Thursday, 27 October 2011

Memory and Identity: Europe as native land.

In this cahpter, the Holy Father looks at Europe through the prism of Christianity which, as we will see, is also the root of today's Europe.

The evangelisation of Europe began with a mysterious call which St Paul received, to cross from Asia to Europe and preach the Gospel there (Acts 16: 9). Within a few hundred years Ireland, the western most part of the continent, had become itself a missionary centre of the faith.

Building upon the fabric of the ancient world, it was evangelisation which formed Europe; the Faith favouring the formation of different cultures, different nations, but all linked to the common patrimony of the Gospel. However, it is only with the advent of the Modern Era, when the known world was extended to Asia, the Americas, to Africa and Australia, that Europe was seen in a more objective way.

St Paul's address at the Areopagus in Athens (Acts 17: 22-31) holds the key for what would take place in the wider Europe. In this speech St Paul first recognises the religion of the ancient world and, in so doing, prepares his hearers for a proclamation of the Incarnation and the Redemption. The Church would go on to achieve a profound integration of faith and culture in the peoples of Europe.

The first great 'wounding' of Europe was the 'Great Schism' of 1054 when the Eastern and Western Churches ceased to function together. Then, at the beginning of the Modern Era disputes arose with the Protestant reformation, and the Western Church suffered further divisions.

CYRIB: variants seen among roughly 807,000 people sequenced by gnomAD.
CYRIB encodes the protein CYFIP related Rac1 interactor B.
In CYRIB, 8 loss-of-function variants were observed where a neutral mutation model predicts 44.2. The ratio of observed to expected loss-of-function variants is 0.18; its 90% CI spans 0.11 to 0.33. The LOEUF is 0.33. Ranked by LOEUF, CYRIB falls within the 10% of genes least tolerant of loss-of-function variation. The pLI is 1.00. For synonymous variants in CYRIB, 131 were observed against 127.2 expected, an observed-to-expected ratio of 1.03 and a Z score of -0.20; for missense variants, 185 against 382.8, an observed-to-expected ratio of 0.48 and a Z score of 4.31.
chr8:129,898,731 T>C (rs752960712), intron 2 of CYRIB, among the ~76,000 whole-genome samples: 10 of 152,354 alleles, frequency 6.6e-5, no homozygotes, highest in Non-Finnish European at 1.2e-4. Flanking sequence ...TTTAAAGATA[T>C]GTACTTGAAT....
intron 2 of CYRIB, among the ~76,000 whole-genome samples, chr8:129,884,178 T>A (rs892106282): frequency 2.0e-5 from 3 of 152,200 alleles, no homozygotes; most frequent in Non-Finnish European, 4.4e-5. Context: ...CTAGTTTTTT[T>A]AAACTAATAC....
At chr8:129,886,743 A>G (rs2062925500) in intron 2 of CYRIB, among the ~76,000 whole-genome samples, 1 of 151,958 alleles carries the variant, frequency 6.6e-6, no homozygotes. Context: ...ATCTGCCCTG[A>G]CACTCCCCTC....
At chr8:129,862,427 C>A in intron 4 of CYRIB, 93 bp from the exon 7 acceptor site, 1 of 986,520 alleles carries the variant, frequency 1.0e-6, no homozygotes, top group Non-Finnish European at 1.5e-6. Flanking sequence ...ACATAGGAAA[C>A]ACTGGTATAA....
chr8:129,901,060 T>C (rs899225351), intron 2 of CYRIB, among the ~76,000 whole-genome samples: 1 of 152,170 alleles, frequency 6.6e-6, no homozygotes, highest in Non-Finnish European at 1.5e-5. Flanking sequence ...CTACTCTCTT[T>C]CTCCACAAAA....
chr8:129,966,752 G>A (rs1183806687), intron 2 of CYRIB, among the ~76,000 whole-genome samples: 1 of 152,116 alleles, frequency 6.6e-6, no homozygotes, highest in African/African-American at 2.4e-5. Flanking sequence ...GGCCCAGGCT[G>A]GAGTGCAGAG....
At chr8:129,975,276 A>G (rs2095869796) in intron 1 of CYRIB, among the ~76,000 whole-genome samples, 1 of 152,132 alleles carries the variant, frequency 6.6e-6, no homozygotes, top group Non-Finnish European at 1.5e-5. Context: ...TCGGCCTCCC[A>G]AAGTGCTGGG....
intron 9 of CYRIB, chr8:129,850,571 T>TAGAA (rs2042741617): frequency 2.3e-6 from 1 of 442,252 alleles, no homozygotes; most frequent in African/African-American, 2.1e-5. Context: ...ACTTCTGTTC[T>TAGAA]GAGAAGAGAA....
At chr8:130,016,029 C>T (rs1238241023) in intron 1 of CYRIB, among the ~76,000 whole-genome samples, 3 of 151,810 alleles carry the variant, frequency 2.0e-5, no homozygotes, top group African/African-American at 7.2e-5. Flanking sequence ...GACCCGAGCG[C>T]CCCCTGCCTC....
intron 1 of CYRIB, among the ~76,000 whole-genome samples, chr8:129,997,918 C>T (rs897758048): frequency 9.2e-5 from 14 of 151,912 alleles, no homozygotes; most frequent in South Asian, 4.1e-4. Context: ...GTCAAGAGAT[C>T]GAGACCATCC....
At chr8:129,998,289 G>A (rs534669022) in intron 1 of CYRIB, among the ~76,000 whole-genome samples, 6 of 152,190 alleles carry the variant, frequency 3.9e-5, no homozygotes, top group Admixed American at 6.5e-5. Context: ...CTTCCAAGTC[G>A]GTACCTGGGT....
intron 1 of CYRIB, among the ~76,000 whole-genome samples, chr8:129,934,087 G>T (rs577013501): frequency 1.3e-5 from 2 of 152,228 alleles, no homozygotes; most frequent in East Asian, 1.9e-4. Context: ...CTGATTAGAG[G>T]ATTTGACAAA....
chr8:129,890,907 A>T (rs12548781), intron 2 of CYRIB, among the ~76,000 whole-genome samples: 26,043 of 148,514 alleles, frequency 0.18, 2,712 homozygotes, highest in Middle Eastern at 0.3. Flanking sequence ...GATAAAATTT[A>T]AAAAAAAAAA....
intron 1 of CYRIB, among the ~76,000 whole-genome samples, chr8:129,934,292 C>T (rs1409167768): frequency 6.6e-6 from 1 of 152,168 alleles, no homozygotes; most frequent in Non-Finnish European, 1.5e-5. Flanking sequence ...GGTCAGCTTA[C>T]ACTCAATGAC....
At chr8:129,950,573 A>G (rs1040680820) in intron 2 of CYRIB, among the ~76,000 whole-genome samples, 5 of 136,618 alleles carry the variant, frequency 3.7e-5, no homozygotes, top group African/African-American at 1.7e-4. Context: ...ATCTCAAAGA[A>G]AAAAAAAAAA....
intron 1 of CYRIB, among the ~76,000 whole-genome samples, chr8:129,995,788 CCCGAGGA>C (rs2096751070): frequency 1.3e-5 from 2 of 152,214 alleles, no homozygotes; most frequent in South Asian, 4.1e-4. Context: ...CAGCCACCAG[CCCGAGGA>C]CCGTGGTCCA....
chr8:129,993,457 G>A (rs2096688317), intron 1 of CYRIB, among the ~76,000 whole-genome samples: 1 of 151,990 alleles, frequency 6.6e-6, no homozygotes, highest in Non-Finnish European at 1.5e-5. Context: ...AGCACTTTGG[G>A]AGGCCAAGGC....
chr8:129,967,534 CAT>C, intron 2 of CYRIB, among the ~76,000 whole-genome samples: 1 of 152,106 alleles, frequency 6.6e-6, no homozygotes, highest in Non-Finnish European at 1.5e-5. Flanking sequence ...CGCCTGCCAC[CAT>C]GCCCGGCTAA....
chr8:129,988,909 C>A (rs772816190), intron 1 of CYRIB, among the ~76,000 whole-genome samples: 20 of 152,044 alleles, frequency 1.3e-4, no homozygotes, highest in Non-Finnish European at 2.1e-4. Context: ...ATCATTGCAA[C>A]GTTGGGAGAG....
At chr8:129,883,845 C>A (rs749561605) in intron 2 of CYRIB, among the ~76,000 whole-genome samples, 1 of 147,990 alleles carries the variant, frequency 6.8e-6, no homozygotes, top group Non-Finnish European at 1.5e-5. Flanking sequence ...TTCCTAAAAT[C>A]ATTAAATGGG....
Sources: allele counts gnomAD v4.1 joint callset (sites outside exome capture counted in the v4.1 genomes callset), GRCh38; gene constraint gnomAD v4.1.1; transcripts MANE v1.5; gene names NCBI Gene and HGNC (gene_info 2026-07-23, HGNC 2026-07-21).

During the Seventeenth and Eighteenth centuries - the era of the Enlightenment - Christ began to be rejected in Europe. The Enlightenment was not an outright rejection of God, but an attempt to exclude Christ from thought and from Europe's history.

Today a cultural drama continues for those who reject Christ; for the ideas of these secularists are, in fact, profoundly rooted in Christianity, so deeply has the Gospel marked Europe.

Christ himself gives us a Theology of the Incarnation and Redemption. In the metaphore of the Vine and the branches (John 15: 5ff), Christ shows how God cares for and cultivates his creature. He grafts it onto the stock of the divinity of His Son. From the beginning man has been called into existence in God's image and likeness. By agreeing to be grafted onto Christ, man can fully become himself. By refusing this grafting man is condemning himself to an incomplete humanity.

So, in the European Enlightenment man has endeavoured to cut himself off from the Vine, and thereby he opened up the path that would lead to the devastating experience of evil in the Twentieth century.

According to St Thomas Aquinas evil is the absence of good. For man to deprive himself of the good of being a part of the Vine is to deprive himself of that fullness which God intends for man.

(The above photo I took a few years ago in the churchyard in the village of Birstall in North Yorkshire. It is the gravestone of the late Christopher Dawson, the Catholic sociologist whose life's work was given over to helping Europe rebuild itself on the foundations of the Gospel after the Second World War.)

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